In English
 En Español

Travels of the Fine Artist

Candelario Rivas moved his family throughout the central Mexican states to secure the highest paying commissions in commercial and religious art. Starting out in Zacatecas, the family's first move was to San Luis Potosí in 1901. Late in the following year, the family moved to the largest city in the region, León, which had already become the economic and agricultural trade center for the central states. The six murals in the city's redecorated Catedral Basílica consumed most of the artist's time in 1903 and 1904. He continued with commercial and private commissions through the family's move north to the city of Aguascalientes in 1905, and completed the twelve murals in the Templo de San Antonio in 1907. By 1908, the family was back in León, and stayed there until 1913 before a brief one or two year stay in Querétaro

Young Candelario with Bow Tie and Wavy Hair

Between 1915 and 1920, we are not exactly sure where the Rivas family was situated. We know that Herlinda loved to talk about Morelia in her later years, and so the family may have spent an extended visit there. Other art historians have informed us of large religious murals completed in convents located somewhere in the state of Guanajuato. And from photographs and known commissions, we can conclude that the Rivas family lived in the cities of León and Zacatecas during those turbulant years of Mexican history. In 1920, the family moved to Salamanca, where Candelario and his now twenty- year old son, José, worked almost continually on the magnificent murals in the Catedral Señor del Hospital in Salamanca, and the Santiago Apóstol Church in Valle de Santiago.

In September of 1923, at the age of forty-six, and with Herlinda eight months along with their third daughter, Candelario fled the political unrest in Mexico. Briefly stopping in the city of Zacatecas to protect his murals from being confiscated by the federal government in the Santuario de Guadalupe Church, Candelario took the train with his family to El Paso, Texas. From there, the Rivas family took the new Electric Train to Los Angeles, where the great artist would live the rest of his life.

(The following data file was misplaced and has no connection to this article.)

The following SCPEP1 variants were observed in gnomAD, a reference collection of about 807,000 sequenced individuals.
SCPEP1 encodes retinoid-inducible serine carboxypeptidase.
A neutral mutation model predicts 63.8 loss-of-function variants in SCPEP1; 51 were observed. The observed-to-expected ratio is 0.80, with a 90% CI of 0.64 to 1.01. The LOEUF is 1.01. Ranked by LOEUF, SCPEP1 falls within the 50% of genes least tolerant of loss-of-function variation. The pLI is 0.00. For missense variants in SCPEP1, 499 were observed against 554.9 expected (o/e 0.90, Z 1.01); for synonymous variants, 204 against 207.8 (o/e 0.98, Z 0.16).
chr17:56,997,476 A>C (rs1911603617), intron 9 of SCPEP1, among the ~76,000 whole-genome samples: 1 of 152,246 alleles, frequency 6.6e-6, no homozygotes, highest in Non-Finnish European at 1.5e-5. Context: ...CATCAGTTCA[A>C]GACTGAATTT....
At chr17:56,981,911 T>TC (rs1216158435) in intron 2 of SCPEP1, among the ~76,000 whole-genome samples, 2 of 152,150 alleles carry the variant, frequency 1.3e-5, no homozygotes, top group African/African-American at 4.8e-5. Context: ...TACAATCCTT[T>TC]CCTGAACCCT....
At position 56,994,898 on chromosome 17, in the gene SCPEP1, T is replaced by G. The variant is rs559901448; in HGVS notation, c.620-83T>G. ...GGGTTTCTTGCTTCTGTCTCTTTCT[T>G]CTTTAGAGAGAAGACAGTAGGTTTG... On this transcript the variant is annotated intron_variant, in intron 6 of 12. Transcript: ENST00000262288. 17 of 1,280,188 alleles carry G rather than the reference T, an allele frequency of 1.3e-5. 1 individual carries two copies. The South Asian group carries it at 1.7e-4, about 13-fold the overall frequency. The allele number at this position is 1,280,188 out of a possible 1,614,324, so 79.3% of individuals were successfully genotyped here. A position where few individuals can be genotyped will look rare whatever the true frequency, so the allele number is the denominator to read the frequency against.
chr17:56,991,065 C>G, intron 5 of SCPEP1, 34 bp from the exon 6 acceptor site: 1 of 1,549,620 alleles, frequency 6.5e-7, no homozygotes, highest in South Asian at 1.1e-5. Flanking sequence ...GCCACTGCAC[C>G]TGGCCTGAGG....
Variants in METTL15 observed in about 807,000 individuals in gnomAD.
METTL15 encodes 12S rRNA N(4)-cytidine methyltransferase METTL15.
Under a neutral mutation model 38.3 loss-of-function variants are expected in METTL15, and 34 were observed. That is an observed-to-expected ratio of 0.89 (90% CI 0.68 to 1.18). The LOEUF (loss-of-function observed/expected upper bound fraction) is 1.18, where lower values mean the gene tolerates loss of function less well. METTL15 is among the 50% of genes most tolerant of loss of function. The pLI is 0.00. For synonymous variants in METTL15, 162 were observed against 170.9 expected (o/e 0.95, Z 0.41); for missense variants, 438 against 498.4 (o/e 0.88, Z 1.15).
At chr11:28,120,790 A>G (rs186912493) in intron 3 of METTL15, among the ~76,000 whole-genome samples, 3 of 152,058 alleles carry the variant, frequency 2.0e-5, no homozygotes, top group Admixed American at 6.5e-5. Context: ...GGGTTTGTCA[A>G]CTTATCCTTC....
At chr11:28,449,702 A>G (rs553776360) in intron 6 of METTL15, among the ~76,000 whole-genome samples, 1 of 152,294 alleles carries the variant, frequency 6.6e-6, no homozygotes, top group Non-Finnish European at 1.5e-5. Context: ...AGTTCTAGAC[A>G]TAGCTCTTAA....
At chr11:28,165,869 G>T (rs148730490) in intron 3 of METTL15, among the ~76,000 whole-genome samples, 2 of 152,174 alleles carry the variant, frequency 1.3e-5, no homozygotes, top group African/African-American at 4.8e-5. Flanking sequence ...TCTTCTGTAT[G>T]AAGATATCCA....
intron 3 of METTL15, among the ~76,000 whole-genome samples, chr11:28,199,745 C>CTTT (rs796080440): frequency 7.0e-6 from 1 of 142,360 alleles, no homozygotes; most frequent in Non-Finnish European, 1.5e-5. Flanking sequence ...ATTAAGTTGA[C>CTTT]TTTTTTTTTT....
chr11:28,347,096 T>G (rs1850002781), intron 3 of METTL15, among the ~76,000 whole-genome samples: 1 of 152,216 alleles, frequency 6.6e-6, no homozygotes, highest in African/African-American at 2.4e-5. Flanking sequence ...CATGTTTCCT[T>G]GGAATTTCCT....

Leon Picnic

For over one hundred years, the city of León has remained one of Mexico's most important industrial centers. Fine leather goods and a strong manufacturing base provided León with a robust economic foundation to support rich designs in architecture and art. Candelario lived with his family there from 1902 to 1905, and again from 1908 until 1913. These were prosperous years for the Rivas family, as well. Their first daughter Manuela was born during the family's first residency there, and Salvador was born during their second stay. In 1902, Candelario received a handsome commission to complete six large murals in the city's Catedral Basílica.

Herlinda and Candelario pose with the Finest French Furniture

Situated twenty feet high on the ornate side walls of the church, they show an exceptional texture of his hallmark colors of red-orange, light-green and purples. Directed by the church's art director, Luis G. Orozco, the twenty-four year old Candelario Rivas painted with a richness of illustrative story- telling which continues to fascinate visitors to this day. Family notes indicate that the Catholic Church was very pleased with Candelario's rendition of religious historical events, and continued to assist him with training in the early years, and with important commissions in the later years. To this day, in the Vatican there is a small watercolor of Our Lady of Guadalupe by Candelario Rivas. He was commissioned by the bishop of León to replicate the revered religious image for an album to be presented by the diocese to His Holiness, Pope Leo XIII.

Candelario also completed many portraits during the latter years in León. Besides the immense murals in the Catedral Basílica, Candelario worked on a large commission for the church of the Third Order of St. Francis just two blocks away in the northwest corner of the city's main plaza. But when the Franciscans vacated this church just prior to 1950, they removed all of his artwork. These paintings have yet to be found by the Rivas family.

Gold Medallion

On Herlinda's thirty-second birthday, Candelario presented her with a gold medallion of the Sacred Heart. The back (as shown) is inscribed with her initials; "HR". And in the center is inscribed; "León 9-22, 1912"

In his early days as an artist in León and Aguascalientes, Candelario maintained his reputation as a fine photographer, and master of developing and printing. With cameras bought in Mexico City, he supplemented his income with photographic portrait work. Shown are photographs he took of three of his children.

Young Manuela at First Communion
Young Salvador on the Farm
Young Pepe as a Sailor